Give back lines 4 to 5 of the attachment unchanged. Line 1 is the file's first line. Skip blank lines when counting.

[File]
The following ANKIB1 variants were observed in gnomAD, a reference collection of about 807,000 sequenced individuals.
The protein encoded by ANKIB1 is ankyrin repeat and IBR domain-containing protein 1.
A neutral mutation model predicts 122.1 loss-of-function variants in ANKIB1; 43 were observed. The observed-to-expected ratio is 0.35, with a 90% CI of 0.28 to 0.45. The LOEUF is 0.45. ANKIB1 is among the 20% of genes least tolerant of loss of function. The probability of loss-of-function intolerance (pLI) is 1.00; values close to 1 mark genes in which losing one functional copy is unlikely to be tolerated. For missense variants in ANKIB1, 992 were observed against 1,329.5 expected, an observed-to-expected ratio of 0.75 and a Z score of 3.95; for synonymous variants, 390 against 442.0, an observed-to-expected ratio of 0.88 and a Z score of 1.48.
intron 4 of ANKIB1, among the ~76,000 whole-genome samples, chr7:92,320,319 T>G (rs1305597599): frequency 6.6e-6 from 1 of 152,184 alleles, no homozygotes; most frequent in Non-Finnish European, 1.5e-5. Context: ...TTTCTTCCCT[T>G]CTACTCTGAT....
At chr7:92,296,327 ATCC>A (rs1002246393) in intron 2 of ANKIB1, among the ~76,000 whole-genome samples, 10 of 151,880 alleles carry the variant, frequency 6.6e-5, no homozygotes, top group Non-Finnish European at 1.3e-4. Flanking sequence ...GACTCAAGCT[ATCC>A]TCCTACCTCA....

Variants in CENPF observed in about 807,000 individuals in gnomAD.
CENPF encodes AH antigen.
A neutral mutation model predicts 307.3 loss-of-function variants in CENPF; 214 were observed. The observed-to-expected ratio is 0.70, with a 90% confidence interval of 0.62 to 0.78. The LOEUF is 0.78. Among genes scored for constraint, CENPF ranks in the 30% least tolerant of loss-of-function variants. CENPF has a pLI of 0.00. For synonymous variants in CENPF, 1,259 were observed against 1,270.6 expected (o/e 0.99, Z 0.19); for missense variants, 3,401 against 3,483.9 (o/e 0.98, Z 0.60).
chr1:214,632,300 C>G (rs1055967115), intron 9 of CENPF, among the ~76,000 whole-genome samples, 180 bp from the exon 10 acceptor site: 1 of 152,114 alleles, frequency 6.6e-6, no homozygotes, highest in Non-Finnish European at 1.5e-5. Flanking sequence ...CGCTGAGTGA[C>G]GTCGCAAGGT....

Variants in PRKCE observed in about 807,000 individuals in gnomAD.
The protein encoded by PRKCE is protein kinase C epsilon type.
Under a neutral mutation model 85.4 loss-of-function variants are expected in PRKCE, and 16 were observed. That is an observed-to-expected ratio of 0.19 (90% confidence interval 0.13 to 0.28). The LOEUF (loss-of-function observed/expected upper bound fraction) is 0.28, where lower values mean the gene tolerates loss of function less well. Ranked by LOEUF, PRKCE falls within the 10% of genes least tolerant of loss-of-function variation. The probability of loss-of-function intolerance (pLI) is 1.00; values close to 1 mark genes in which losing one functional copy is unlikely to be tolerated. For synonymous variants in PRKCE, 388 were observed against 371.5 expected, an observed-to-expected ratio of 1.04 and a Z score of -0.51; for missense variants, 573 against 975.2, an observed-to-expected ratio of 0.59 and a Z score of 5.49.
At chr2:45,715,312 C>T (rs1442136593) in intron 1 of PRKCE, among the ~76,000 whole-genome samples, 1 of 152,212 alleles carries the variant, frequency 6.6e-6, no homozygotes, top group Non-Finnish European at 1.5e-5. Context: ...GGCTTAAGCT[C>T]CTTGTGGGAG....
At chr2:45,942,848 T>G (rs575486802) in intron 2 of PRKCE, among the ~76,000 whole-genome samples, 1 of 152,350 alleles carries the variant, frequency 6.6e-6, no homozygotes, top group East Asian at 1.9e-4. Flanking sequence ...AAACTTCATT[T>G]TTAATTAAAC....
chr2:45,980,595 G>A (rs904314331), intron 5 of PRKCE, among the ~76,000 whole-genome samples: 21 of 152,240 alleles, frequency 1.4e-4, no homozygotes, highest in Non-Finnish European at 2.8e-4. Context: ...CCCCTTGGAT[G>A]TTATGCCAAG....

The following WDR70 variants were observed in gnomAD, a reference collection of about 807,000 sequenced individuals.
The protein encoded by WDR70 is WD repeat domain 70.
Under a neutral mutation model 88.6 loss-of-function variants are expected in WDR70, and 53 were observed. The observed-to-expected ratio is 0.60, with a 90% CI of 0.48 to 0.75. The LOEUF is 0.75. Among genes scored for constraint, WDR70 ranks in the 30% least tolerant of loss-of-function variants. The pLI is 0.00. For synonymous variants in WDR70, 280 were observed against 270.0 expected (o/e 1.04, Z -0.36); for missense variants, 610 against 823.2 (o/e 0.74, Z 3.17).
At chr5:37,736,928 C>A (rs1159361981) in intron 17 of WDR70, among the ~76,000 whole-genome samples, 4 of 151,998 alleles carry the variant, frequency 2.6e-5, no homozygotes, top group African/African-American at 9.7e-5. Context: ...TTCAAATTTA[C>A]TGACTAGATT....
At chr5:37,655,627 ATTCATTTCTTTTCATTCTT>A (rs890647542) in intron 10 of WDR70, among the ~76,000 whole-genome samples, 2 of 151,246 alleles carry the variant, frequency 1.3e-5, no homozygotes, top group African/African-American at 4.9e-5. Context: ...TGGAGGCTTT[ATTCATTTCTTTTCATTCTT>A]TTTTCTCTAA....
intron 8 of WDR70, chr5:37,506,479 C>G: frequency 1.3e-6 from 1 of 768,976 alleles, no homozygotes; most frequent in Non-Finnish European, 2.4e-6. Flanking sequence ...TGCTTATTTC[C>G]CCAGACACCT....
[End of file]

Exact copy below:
intron 4 of ANKIB1, among the ~76,000 whole-genome samples, chr7:92,320,319 T>G (rs1305597599): frequency 6.6e-6 from 1 of 152,184 alleles, no homozygotes; most frequent in Non-Finnish European, 1.5e-5. Context: ...TTTCTTCCCT[T>G]CTACTCTGAT....
At chr7:92,296,327 ATCC>A (rs1002246393) in intron 2 of ANKIB1, among the ~76,000 whole-genome samples, 10 of 151,880 alleles carry the variant, frequency 6.6e-5, no homozygotes, top group Non-Finnish European at 1.3e-4. Flanking sequence ...GACTCAAGCT[ATCC>A]TCCTACCTCA....